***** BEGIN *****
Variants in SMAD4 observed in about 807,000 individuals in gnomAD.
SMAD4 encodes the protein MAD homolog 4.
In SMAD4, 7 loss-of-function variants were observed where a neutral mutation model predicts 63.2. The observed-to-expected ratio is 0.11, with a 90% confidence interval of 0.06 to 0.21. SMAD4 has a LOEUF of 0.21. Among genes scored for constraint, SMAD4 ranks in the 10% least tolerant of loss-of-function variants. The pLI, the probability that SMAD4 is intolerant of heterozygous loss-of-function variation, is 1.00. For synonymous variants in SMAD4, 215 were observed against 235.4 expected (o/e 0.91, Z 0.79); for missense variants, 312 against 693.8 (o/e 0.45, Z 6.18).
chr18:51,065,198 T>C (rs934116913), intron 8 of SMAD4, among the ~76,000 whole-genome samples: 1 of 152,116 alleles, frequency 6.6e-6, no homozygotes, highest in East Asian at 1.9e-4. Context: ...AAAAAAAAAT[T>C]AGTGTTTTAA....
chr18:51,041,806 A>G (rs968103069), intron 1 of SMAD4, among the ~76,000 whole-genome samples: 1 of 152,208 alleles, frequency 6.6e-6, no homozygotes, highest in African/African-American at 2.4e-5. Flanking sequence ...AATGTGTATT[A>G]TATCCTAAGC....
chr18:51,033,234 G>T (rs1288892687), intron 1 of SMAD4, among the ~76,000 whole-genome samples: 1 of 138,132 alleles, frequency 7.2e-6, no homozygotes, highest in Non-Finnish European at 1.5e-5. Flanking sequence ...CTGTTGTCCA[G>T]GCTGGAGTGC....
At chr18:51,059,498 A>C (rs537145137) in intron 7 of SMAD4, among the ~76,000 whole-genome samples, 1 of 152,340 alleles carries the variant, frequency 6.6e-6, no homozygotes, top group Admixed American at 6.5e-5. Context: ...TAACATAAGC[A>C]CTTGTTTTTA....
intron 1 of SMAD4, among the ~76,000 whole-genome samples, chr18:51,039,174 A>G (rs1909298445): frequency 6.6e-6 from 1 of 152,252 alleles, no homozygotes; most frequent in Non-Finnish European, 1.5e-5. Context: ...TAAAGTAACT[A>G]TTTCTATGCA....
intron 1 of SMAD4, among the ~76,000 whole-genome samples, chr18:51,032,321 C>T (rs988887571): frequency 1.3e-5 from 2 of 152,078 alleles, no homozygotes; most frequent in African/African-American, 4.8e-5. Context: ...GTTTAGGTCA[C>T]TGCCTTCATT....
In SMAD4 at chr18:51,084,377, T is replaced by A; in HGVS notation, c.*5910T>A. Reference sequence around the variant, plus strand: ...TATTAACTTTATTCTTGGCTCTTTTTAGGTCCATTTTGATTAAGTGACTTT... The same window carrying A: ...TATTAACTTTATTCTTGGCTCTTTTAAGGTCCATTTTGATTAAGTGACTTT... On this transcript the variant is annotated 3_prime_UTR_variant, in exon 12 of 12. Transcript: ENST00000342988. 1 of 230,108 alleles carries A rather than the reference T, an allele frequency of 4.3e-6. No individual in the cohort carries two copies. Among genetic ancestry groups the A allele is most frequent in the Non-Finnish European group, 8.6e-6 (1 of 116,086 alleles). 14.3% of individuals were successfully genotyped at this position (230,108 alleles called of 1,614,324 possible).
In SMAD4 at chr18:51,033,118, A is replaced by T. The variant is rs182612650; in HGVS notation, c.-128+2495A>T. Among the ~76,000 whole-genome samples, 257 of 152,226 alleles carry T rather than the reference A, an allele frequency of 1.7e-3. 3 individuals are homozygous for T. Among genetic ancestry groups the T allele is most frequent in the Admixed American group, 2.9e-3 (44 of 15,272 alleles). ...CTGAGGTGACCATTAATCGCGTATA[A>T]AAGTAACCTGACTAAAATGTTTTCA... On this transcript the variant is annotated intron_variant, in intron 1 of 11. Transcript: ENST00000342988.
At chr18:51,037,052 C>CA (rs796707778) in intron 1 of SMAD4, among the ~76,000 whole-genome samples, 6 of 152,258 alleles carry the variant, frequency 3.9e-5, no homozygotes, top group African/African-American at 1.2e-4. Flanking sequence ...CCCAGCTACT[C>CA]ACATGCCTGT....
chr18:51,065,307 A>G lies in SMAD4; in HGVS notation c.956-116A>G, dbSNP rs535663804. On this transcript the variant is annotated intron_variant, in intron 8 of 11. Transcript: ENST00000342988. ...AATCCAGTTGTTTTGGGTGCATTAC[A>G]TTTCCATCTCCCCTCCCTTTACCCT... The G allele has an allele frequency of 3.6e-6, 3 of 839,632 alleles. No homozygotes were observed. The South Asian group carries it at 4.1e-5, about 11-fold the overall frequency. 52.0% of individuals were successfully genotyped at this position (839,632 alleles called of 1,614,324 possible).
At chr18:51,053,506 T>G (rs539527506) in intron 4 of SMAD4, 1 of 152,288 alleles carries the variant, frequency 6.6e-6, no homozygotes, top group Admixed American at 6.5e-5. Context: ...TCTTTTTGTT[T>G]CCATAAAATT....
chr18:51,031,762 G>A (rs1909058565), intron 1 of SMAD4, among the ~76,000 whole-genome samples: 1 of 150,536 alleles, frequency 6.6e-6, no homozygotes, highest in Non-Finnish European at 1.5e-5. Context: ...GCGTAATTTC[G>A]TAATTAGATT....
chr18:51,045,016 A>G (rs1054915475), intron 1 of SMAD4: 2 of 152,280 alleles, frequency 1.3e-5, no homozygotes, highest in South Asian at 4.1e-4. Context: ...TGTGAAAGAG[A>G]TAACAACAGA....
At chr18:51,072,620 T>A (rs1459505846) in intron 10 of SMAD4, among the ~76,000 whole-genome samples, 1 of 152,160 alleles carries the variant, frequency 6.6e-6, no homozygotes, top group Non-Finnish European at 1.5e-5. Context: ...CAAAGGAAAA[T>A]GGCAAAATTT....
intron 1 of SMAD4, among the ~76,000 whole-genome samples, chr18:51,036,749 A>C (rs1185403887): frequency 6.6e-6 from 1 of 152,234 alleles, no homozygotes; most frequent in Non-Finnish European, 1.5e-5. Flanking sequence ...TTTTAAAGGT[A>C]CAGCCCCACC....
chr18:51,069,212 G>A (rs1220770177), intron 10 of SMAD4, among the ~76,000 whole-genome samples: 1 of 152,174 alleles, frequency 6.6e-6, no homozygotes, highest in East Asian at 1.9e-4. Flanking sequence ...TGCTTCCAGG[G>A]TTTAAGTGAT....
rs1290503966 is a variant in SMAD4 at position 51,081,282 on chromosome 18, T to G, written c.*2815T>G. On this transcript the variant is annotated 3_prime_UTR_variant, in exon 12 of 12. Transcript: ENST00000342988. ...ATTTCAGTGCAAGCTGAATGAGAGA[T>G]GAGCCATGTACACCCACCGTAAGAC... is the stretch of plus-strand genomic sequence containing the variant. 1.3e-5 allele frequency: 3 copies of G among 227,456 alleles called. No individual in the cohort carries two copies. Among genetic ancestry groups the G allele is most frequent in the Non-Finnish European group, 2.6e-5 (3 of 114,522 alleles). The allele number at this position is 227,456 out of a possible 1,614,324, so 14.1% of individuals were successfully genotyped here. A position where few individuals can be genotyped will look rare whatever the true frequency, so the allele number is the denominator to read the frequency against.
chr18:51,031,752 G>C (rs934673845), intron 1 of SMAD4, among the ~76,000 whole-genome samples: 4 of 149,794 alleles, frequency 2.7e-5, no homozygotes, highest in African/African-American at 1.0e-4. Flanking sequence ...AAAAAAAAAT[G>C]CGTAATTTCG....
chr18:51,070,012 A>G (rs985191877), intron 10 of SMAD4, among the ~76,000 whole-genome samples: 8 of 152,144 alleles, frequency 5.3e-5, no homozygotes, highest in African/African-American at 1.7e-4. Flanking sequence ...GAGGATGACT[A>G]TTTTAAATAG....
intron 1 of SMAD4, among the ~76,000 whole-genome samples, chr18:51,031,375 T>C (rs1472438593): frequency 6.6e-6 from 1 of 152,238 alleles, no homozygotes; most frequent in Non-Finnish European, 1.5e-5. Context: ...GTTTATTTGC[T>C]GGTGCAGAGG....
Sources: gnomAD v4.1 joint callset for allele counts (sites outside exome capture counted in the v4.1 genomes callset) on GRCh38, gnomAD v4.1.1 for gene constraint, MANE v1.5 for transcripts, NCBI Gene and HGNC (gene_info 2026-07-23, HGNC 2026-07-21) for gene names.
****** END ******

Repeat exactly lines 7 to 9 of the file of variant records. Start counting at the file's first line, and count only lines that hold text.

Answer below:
At chr18:51,059,498 A>C (rs537145137) in intron 7 of SMAD4, among the ~76,000 whole-genome samples, 1 of 152,340 alleles carries the variant, frequency 6.6e-6, no homozygotes, top group Admixed American at 6.5e-5. Context: ...TAACATAAGC[A>C]CTTGTTTTTA....
intron 1 of SMAD4, among the ~76,000 whole-genome samples, chr18:51,039,174 A>G (rs1909298445): frequency 6.6e-6 from 1 of 152,252 alleles, no homozygotes; most frequent in Non-Finnish European, 1.5e-5. Context: ...TAAAGTAACT[A>G]TTTCTATGCA....
intron 1 of SMAD4, among the ~76,000 whole-genome samples, chr18:51,032,321 C>T (rs988887571): frequency 1.3e-5 from 2 of 152,078 alleles, no homozygotes; most frequent in African/African-American, 4.8e-5. Context: ...GTTTAGGTCA[C>T]TGCCTTCATT....